There is much in modern life to induce a state of melancholia. Much that Sir Robert saw has become more poignant and painful in the passing of the years. It could be said that though mankind has advanced in many ways it has regressed in many that make up the quality of our daily lives.
Many of these regressions are so entwined with our current understanding of "the way things are," others may superficially seem to benefit humanity and still others may seem like divine gifts promising better, more productive and peaceful lives.
But, as in all things, balances must be struck, easements and bargains must be made. Something may be given with one hand, but you may be sure that the other is extended for recompense. Though the price of a thing may seem to be merely money, far more may be expected. Other tenders accepted might be the quality of conversation, of intimacy, of sympathy, the blind acceptance of mass delusions, the appreciation of nature and of one's own humanity.
An artist working in digital media may seem to be more fortunate than his predecessors. No longer need he grind colors, inhale turpentine fumes, sharpen pencils, clean the charcoal from out his pores, stretch canvas and paper, clean brushes. No longer need he be poisoned by the very basis of his art and be driven mad by lead, cadmium, lapis lazuli and more. We may admire the work of mad artists but I would venture the thought that few of them took up a brush with the intent of descending, or rising, into insanity.
Beyond that, the digital artist has no need to mix paint to get the color needed, his brushstroke is not a hand skill developed from long practice but a selection from a menu. He need not despair that the proper paper is not available when he can duplicate its tooth and absorbancy with the press of a few keys on a keyboard. Waste is reduced since there are no failed attempts to crumple and discard. There is always plenty of ink, graphite, charcoal, and paint ready at hand for no additional cost.
On the whole it seems that working digitally provides many advantages to the artist. The question becomes what must she give up?
One thing that is lost is what I call the zen of preparation. That meditative period of time between her thought and the beginning of its realization. A computer screen lets her jump right into creation, which on the face of it, may seem to be a good thing. There is no searching the sofa cushions for enough change to buy a tube of Phthalo Blue, no stretching of canvas or paper, no gesso, no preparation of the palette and brushes or sharpening of the pencils, no time between inspiration and attempt. There is no time for her unconscious to rotate, palpate, and mold the thought into something more durable, more potent.
Another casualty is the contribution of the ground and the medium, the differences in the feel of applying ink to paper with a brush, or acrylics to a gessoed and stretched canvas, or water color to illustration board, or egg tempera to masonite. the flow of the medium onto the surface under the tip of a pen, the hairs of a brush, or the spring of a palette knife.This is a direct modification of physical entities and there is a feel, a resistance, an impetus that travels the nerves in a constant feedback loop as the artist senses the rightness of a line, a swirl, a dot in the nerve endings of her fingers, a positive sense that travels upstream to her brain to show that her hand and eye are in perfect coordination.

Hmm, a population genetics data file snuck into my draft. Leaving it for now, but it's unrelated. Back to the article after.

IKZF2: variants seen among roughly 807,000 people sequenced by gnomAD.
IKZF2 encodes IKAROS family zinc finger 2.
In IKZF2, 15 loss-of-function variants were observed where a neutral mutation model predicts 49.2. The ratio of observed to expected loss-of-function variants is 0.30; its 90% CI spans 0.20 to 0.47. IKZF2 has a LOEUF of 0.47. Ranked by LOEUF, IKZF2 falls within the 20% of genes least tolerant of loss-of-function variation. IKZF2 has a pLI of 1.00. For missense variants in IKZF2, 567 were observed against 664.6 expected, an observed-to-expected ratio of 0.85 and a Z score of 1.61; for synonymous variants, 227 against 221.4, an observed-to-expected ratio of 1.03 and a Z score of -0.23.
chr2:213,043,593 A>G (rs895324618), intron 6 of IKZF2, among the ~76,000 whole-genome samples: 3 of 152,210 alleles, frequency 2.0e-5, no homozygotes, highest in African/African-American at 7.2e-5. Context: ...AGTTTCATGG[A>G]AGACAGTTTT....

A physical painting, drawing or sculpture is unique. True, they can be forged, but it takes a great amount of effort for relatively little return. A digital work, however, is easily duplicated and reduplicated and rather than their signature and style for authentication, they needs must rely on watermarks and electronic tricks like steganography, that, and mutual promises from artist and owner not to publish any more. As time goes on artists will develop and use other devices to provide the sense of uniqueness, but their will always be a niggling suspicion at the back of the purchaser's mind.
The greatest loss is something that only certain types of people think about, mistakes. It is not just researchers, and scholars who treasure the missteps, the sketches, the cartoons that are created in the process of creation, they are the trials, the half-formed concepts, the discarded errors that tell the story of the genesis of a work. The tale told in the intermediate steps is often lost with a digital creator who, more often then not, will simply revise the original leaving no breadcrumbs for their most diligent admirers to follow.
Lest you think that digital artists are being unduly singled out, let me hasten to say that the same is true in the writing profession. In the basement of a library in New England there are ten steamer trunks filled with manuscripts, drafts, and revisions constituting the life work of a major poet. It will be rare for future scholars to find the same profusion of documented trial and error for writers working today.
I am not immune to criticism on this account. I sit typing this text into a text editor, correcting spelling and grammatical errors on the fly aided by some handy software and leaving little trace of the fact that, when typing, I often substitute "d" for "g" as I do when handwriting. Is this something that some, as yet unborn, scholars would find useful? I know not, and yet I hate to deprive them of their clues. Will they deduce the brand of spellcheck and grammar parser from a meta-database of linguistic red flags? Will they find traces of corrections in the data files and try to redefine my writing in terms of their assumptions as to what I had originally written. I know not. Occasionally, I even despair.
I will continue this investigation.